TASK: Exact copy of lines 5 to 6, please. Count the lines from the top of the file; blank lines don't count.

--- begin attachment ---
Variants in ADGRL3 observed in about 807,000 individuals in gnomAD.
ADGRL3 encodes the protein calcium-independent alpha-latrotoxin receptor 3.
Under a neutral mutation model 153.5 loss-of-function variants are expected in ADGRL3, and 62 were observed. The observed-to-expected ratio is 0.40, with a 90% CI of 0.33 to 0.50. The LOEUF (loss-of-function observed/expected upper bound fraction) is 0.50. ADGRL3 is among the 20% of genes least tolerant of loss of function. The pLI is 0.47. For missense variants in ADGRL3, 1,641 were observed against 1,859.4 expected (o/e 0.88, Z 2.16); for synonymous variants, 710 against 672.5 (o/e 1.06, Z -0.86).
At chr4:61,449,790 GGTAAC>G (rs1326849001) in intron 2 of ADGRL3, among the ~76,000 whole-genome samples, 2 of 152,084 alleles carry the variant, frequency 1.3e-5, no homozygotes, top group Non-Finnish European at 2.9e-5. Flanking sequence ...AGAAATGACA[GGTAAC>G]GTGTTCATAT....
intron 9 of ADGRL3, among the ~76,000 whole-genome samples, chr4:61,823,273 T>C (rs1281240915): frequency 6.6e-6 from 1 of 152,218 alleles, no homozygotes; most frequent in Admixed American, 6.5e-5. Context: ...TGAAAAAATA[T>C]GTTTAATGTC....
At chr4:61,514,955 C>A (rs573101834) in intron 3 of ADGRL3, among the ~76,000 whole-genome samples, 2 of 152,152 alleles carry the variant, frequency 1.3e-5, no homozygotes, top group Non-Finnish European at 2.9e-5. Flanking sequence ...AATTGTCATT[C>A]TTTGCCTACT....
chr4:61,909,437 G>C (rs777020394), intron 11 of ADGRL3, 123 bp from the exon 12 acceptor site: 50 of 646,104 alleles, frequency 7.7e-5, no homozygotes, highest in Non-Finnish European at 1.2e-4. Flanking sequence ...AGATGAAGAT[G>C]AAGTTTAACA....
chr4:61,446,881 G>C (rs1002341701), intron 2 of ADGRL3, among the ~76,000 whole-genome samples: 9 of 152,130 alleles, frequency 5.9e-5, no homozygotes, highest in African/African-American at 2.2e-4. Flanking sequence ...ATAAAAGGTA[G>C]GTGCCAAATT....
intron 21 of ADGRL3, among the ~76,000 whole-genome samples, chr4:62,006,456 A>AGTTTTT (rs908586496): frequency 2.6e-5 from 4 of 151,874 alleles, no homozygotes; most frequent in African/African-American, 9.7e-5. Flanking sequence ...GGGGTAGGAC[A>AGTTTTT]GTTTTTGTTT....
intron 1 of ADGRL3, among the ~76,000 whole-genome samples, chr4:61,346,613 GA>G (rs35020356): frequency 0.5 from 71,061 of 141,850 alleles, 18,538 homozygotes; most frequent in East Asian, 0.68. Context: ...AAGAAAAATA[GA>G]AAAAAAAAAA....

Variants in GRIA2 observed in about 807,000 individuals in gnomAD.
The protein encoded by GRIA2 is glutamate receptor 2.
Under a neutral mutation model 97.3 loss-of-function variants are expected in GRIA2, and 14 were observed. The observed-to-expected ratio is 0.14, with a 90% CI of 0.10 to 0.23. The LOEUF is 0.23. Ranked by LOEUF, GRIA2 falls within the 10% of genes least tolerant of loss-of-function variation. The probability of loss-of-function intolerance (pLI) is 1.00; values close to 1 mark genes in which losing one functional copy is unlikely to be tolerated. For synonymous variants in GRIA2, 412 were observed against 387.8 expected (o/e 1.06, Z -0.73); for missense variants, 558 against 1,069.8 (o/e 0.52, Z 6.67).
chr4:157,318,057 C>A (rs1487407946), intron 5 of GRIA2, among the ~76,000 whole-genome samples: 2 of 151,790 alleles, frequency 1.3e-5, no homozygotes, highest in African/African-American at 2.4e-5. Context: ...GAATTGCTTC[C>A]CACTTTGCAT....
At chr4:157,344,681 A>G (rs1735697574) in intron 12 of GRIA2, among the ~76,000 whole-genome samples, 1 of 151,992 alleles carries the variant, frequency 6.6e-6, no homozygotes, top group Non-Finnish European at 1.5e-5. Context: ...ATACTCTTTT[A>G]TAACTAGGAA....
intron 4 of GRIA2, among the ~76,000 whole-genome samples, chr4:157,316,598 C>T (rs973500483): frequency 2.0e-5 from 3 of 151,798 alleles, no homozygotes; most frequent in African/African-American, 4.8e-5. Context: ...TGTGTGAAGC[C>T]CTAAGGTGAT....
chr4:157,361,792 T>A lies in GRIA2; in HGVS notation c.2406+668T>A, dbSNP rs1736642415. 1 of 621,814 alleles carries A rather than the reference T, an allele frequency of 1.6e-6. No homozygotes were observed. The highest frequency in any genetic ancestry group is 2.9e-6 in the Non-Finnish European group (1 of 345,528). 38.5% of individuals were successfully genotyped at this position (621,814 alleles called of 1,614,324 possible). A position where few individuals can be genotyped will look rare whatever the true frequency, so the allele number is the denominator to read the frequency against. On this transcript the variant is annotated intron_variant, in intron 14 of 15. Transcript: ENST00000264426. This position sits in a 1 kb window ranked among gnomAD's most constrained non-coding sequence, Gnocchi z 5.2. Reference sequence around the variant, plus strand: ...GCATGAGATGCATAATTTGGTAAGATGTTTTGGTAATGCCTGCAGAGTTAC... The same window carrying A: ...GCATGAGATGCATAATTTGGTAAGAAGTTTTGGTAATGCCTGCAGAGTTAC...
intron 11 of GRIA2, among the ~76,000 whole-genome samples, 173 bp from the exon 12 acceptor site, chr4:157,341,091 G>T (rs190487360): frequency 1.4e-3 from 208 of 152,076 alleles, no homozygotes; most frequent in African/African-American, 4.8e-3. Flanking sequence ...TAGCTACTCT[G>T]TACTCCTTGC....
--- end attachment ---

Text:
intron 9 of ADGRL3, among the ~76,000 whole-genome samples, chr4:61,823,273 T>C (rs1281240915): frequency 6.6e-6 from 1 of 152,218 alleles, no homozygotes; most frequent in Admixed American, 6.5e-5. Context: ...TGAAAAAATA[T>C]GTTTAATGTC....
At chr4:61,514,955 C>A (rs573101834) in intron 3 of ADGRL3, among the ~76,000 whole-genome samples, 2 of 152,152 alleles carry the variant, frequency 1.3e-5, no homozygotes, top group Non-Finnish European at 2.9e-5. Flanking sequence ...AATTGTCATT[C>A]TTTGCCTACT....